By Joseph Luster
Blindflug Studios’ First Strike: Final Hour seems especially topical right now, what with the looming tensions of nuclear war ever on the horizon. Those tensions aren’t quite as palpable in the game itself, which is somewhat of a DEFCON lite that will only thrill those who really relish micromanagement. If that sounds like something directly up your alley, well, you’ll at least want to try before you buy.
First Strike: Final Hour lets players choose from 12 nuclear superpowers, after which they will build advanced rockets, conquer territories, and choose who to fire at and when it’s best to use your missiles as defense. You have to find a good balance between weapons development and offense if you want to survive, and be wary of the temptation to go full-on First Strike too early. Whenever a superpower fires off all their weapons, they’re stuck in cool-down mode for a little while, leaving them wide open to counterattacks and other brutal measures of opposition.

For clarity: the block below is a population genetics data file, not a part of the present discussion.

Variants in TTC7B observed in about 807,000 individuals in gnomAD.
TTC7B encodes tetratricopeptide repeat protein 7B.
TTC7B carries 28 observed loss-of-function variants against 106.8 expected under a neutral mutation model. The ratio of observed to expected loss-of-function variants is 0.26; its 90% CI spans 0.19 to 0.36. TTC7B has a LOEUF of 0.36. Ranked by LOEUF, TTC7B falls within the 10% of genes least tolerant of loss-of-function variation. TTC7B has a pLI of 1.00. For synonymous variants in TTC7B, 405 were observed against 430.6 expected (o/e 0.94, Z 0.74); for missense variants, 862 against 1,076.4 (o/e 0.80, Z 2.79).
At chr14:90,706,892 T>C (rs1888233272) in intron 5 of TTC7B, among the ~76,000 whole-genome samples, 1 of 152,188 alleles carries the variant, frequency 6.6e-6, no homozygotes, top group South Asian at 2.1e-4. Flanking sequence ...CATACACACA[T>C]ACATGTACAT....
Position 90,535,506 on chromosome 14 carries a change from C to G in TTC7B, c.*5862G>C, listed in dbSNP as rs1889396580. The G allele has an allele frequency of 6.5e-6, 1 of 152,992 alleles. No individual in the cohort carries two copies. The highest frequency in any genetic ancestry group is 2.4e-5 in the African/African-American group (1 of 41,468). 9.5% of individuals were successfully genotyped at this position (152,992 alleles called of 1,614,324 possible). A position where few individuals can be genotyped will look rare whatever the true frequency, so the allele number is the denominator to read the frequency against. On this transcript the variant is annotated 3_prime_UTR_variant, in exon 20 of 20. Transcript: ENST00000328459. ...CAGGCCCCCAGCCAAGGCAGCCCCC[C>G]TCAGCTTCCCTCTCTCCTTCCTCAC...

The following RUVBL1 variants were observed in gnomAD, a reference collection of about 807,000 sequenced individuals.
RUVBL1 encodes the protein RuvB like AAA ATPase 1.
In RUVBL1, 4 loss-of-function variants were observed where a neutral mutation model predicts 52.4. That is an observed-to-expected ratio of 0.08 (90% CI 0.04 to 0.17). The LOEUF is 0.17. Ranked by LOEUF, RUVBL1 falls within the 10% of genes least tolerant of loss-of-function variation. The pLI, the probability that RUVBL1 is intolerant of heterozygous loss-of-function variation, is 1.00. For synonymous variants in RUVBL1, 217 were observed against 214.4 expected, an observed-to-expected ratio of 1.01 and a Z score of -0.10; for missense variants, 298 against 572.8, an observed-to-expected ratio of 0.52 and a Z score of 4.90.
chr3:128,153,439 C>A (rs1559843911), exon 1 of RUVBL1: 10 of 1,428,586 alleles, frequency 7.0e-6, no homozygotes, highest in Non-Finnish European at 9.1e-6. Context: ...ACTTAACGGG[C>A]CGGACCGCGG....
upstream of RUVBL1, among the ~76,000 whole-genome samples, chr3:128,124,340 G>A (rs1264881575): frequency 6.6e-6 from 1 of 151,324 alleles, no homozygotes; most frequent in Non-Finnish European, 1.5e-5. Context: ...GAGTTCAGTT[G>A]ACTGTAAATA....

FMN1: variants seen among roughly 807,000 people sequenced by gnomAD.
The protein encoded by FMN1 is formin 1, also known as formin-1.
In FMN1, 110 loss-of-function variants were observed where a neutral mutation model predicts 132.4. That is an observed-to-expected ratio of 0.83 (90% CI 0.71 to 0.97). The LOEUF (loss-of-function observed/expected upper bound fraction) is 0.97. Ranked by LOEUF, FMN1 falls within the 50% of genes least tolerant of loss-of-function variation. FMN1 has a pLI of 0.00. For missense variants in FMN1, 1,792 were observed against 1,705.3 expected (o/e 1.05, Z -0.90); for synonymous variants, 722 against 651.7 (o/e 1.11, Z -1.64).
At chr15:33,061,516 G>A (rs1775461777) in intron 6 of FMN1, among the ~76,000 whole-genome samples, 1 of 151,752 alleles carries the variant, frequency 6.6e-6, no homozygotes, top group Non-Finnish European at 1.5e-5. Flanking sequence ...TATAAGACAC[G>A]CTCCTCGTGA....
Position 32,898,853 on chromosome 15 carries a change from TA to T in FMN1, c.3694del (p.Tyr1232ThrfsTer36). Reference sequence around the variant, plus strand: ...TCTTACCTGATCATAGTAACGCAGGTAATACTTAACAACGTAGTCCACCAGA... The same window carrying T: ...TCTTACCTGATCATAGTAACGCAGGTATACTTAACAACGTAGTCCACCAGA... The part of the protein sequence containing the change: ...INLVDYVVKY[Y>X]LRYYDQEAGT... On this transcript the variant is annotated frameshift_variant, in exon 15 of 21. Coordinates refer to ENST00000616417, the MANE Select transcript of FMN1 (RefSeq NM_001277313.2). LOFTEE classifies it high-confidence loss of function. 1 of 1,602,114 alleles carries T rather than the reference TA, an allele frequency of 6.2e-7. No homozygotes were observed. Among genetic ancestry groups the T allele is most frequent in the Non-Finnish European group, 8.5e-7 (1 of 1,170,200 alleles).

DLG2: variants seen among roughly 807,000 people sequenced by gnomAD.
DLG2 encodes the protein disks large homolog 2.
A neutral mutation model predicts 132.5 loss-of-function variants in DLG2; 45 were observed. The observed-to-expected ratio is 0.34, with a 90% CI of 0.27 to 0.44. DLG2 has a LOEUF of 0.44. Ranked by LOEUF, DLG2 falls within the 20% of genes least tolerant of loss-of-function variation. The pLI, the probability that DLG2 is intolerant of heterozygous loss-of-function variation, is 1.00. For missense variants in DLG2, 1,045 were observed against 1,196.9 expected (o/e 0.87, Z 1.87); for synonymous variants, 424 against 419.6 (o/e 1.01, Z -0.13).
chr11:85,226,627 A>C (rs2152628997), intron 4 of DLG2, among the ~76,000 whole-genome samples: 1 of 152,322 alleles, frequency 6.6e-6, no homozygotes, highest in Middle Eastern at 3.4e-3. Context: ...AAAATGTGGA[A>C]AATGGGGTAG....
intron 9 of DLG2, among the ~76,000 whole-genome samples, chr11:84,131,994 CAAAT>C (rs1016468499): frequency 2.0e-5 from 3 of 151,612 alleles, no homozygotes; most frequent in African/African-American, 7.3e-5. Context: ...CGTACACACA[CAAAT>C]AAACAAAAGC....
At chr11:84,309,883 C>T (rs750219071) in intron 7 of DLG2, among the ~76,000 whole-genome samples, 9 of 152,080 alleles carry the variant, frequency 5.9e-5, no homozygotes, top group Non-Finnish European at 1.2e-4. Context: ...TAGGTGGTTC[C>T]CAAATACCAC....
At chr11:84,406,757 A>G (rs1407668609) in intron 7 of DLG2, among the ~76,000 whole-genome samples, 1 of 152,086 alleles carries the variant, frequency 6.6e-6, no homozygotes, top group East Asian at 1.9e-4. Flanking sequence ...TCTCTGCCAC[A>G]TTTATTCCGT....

You may also want to opt for some form of diplomacy, but it won’t necessarily get you too far. In fact, being diplomatic and attempting to team up with others against your enemies will leave you open to further attacks, so use this technique wisely (read: sparingly). Besides, at the end of the day your goal is apparently to be the ruler of a barren wasteland, hammering home First Strike’s message about the fruitless dangers of nuclear warfare.
From the presentation to the at-times hectic state of micromanagement (particularly on higher difficulties), it’s clear that First Strike: Final Hour started out as a mobile game. Most of the tweaks made to the recent PC release are purely visual, but at least more players will be able to give it a shot. Much like the devastatingly decisive attack in its name, though, you should make sure it’s a shot worth taking before you hit the big red button. In my estimation, there are way too many great strategy games out, both classic and contemporary, to bother spending too much time fumbling with this particular set of nuclear codes.
Publisher: Blindflug Studios AG